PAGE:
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NFLPA Reportedly Discussing Reduction Of Offseason Roster As Possible Safety Measure

As I’ve previously written about, there have been some teams that have considered the possibility of carrying fewer than the standard 90 players into training camp with them as they get set to head there four weeks from now. According to Mike Jones, the NFLPA is now also discussing this as a possibility as all parties try to figure out how best to protect players from contracting Covid-19.

It wasn’t until 2012, under the previous Collective Bargaining Agreement, that offseason rosters actually expanded to 90 players, as it had previously been 80. Suggestions of returning to 80 players or even fewer this offseason in response to the coronavirus have been discussed, and it is logical.

Jones writes, however, that “not all” within the NFLPA discussions are in favor of this proposal, and it’s not clear if it will happen, since of course it means a loss of jobs. If you take away 10 players on every team, that’s 320 jobs, even if they are temporary offseason jobs that would be gone by September. Cut the roster down by 15, and then you’re at 480 jobs.

With training camps set to open four weeks from now, discussions between the NFL and NFLPA are intensifying about what precautions must be taken to ensure a safe work environment for everyone involved, including coaches and all other staff, as well as any other employee that is in a team facility.

The irony is, of course, that if you have a coronavirus outbreak on your roster, having a smaller roster makes it more difficult to keep practicing going with the players that you do have. But at the same time, the more players you have, the greater risk there is for an outbreak to occur in the first place.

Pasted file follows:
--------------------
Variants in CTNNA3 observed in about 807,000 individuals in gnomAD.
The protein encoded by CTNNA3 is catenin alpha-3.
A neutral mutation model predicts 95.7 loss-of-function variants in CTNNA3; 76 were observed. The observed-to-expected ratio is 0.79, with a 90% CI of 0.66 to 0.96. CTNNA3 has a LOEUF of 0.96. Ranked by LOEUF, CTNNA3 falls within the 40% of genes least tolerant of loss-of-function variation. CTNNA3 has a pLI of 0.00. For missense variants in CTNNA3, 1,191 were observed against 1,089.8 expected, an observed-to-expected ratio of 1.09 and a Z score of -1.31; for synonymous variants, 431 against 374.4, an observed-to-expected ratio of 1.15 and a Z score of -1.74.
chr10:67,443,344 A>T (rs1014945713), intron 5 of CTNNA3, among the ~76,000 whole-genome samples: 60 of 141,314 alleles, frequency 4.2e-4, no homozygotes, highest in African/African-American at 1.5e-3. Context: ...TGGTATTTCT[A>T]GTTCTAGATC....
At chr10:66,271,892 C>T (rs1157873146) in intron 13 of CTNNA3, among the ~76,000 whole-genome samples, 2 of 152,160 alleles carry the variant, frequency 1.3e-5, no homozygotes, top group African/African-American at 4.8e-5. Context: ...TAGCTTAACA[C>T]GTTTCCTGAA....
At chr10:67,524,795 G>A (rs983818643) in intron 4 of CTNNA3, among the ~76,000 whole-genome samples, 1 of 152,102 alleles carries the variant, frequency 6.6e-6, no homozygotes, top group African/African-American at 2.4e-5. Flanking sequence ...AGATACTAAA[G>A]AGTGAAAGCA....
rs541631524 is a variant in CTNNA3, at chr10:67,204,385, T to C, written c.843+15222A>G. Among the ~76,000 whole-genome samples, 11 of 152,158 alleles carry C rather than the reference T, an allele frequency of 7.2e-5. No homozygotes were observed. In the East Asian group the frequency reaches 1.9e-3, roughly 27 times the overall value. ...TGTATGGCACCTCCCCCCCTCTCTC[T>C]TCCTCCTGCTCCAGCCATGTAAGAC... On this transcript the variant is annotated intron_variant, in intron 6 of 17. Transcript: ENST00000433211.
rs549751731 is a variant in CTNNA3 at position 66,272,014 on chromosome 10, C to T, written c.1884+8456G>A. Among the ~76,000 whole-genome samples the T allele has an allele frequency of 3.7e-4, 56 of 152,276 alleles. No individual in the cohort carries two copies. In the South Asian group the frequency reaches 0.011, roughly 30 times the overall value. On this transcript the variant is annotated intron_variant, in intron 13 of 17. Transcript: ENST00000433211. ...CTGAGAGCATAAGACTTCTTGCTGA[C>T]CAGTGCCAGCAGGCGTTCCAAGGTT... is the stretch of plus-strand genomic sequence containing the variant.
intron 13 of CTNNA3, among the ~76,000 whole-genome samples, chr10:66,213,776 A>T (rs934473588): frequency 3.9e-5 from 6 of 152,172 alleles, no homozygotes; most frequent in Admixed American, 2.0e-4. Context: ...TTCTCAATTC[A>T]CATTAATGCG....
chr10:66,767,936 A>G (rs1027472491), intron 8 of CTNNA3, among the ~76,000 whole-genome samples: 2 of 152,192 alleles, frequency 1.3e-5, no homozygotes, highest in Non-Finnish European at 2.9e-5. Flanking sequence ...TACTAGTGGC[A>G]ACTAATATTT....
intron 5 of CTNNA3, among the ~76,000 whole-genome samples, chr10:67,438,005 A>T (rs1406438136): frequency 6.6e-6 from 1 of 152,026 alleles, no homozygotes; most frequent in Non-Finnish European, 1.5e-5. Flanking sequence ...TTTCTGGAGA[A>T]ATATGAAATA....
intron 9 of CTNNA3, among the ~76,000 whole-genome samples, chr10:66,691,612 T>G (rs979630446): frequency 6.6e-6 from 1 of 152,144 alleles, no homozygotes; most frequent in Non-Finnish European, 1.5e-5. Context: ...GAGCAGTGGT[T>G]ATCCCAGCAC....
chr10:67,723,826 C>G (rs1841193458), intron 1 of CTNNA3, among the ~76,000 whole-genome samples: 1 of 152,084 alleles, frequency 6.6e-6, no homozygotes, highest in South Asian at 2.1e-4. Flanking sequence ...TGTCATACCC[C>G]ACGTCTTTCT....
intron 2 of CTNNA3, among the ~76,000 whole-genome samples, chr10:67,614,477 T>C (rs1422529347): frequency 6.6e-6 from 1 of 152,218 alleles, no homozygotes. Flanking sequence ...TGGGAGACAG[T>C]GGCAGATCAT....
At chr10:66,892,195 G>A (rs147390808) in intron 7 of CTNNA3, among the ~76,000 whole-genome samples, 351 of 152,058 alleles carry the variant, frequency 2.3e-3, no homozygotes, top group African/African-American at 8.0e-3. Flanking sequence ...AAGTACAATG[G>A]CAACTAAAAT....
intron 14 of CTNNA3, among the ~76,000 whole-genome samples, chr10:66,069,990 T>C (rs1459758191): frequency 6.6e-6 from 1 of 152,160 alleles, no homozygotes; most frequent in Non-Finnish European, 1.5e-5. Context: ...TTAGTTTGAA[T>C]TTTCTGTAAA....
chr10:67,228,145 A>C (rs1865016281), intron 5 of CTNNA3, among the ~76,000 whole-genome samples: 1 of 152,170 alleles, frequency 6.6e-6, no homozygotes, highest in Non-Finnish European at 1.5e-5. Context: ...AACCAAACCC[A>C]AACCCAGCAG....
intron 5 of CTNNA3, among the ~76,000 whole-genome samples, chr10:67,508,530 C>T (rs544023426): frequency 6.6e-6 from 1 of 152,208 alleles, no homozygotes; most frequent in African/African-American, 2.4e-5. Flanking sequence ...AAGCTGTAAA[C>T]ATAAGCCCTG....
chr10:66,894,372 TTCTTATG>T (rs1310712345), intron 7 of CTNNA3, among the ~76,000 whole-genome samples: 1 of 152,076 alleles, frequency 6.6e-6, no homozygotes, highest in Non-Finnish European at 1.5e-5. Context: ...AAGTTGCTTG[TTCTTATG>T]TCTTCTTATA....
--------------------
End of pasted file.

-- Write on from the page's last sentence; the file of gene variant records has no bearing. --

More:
There is no one way to approach this, and it’s not clear that there are many ‘right’ ways, though there are certain basic and obvious things that should be done, including practicing social distancing when possible, wearing masks when possible, and generally being on top of personal hygiene, with routine disinfection processes of the facilities.

We should know relatively soon what the protocols will look like for the opening of training camp. Recently, DeMaurice Smith of the NFLPA said that the two parties were down to the granular level of the talks, and he felt confident that they would be resolved in time to open up camps.

What happens from there is a different story and remains to be seen. Sports in other countries have generally had success in keeping their players from contracting the virus, but the US has been the hardest-hit country in the world, and many teams are based in high-risk areas.

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